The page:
Nara was added to my Japan To-Do list pretty early on as I felt it was an easy combo of culture, religion and cool stuff for the boys, ie lots of roaming deer lol. Oh and this place is ancient!
The boys and I were on our own (which is always slightly terrifying for me at the moment because…..Nixon!). Dave was working so we packed up and headed south on the train. One little local line (¥150 ea) and then we were free-riding on the JR trains with our passes. Ethan and I make a good team whilst navigating train stations so we managed to complete the 3 transfer trip with no problems.
You don’t have to walk far from the station to experience the cuteness, and often aggressiveness of the Nara Park deer, 50m from the train station they are out of the pavement, harassing punters for deer crackers! In the Shinto religion, deer are considered messengers of the gods and there’s over 1000 of them roaming the giant park. Purchase the little crackers from the vendors with green umbrellas for ¥150, break them in half and have fun.
After Fun with Deer, we wandered for a bit as there was a small lake nearby and my fish-mad boys needed to see if there were fish to peruse.
Nara Park is so, so big guys. I was super stoked we had the stroller as the walk from the station to Todai-ji, the Buddhist temple housing the world’s largest bronze statue of the Buddha Daibutso was quite a hike. But, on the way, we (accidentally) found the Yoshikien Garden. A beautiful moss garden divided into 3 separate areas. With free entry for foreigners we were in like flynn and the boys really, really enjoyed exploring this deserted but stunning corner of the park.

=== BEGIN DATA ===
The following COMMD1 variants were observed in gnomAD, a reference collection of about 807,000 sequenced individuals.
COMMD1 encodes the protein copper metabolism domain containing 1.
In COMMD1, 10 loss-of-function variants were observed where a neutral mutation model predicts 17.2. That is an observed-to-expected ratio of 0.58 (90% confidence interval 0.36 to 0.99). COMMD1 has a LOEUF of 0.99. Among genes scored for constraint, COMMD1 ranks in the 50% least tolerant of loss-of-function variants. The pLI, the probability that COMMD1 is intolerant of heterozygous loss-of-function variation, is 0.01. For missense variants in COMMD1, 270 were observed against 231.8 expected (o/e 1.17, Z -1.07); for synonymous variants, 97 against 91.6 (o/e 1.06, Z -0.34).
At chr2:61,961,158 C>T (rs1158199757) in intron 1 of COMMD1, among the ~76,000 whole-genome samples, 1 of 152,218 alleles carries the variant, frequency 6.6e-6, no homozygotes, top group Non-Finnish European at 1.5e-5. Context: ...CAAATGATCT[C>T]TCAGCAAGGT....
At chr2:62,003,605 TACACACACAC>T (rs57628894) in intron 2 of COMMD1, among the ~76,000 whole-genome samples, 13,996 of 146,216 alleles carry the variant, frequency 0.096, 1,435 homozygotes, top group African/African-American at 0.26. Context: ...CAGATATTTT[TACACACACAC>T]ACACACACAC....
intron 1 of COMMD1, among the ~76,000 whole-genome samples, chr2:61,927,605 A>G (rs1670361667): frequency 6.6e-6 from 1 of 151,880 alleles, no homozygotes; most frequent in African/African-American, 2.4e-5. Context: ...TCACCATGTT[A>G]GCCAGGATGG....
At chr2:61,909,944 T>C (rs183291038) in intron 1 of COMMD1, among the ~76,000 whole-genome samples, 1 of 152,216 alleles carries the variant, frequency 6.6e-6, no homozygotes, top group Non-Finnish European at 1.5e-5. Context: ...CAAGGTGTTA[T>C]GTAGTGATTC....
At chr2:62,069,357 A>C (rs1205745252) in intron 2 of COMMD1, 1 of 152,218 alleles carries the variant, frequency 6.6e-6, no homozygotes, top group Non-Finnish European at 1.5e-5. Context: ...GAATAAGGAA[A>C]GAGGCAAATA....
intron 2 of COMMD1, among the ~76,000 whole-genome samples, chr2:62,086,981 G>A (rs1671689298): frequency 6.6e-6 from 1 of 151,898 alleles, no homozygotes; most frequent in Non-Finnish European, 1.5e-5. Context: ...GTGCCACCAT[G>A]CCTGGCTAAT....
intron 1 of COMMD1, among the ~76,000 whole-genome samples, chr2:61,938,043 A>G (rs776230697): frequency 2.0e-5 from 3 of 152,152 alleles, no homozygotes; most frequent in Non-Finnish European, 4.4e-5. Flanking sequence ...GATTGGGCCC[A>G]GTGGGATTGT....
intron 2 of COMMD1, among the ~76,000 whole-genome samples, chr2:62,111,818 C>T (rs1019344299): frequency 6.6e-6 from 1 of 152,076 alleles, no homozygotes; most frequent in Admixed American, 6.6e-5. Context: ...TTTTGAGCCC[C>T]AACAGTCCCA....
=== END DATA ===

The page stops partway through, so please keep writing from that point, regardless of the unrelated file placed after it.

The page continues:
Nix didn’t want to leave but I eventually coaxed him out of the garden and we headed to our final destination within the park, Todai-ji, which was, until 1998, the worlds largest wooden building. The scale of this complex is so huge it boggled our minds. Watching the boys soak up the history and craftsmanship in world heritage sites such as this is what our trip was all about for me. Hopefully, they remember how these sights made them feel about their place in the world – I’m probably reaching here a bit with Nixon I realise lol. The Daibutsu statue, the flanking Bodhisattvas and the two wooden guardians protecting him are so beautiful you simply won’t want or be able to rush through the building.
Entry was around ¥600 each for Ethan and I, approx $7.50NZD and totally worth every cent.
Like other large stations in Japan, there are some great shopping and restaurants to experience in Nara before you board your train. Though on this day, Nix was so beat, we sat down in McDonald’s for the ONLY western takeaway meal we would eat for the entire two weeks! That’s not a bad track record, plus, I really wanted to eat an egg burger lol.
You could definitely spend a whole day exploring Nara Park and see so much more than we did, my boys can’t be pushed for speed when they are doing lots of walking – and neither should they when it’s of the sightseeing variety.
Don’t miss Nara, it’s fun, low key, relaxed (providing there’s no festival on at the temples) and you can explore at your own pace.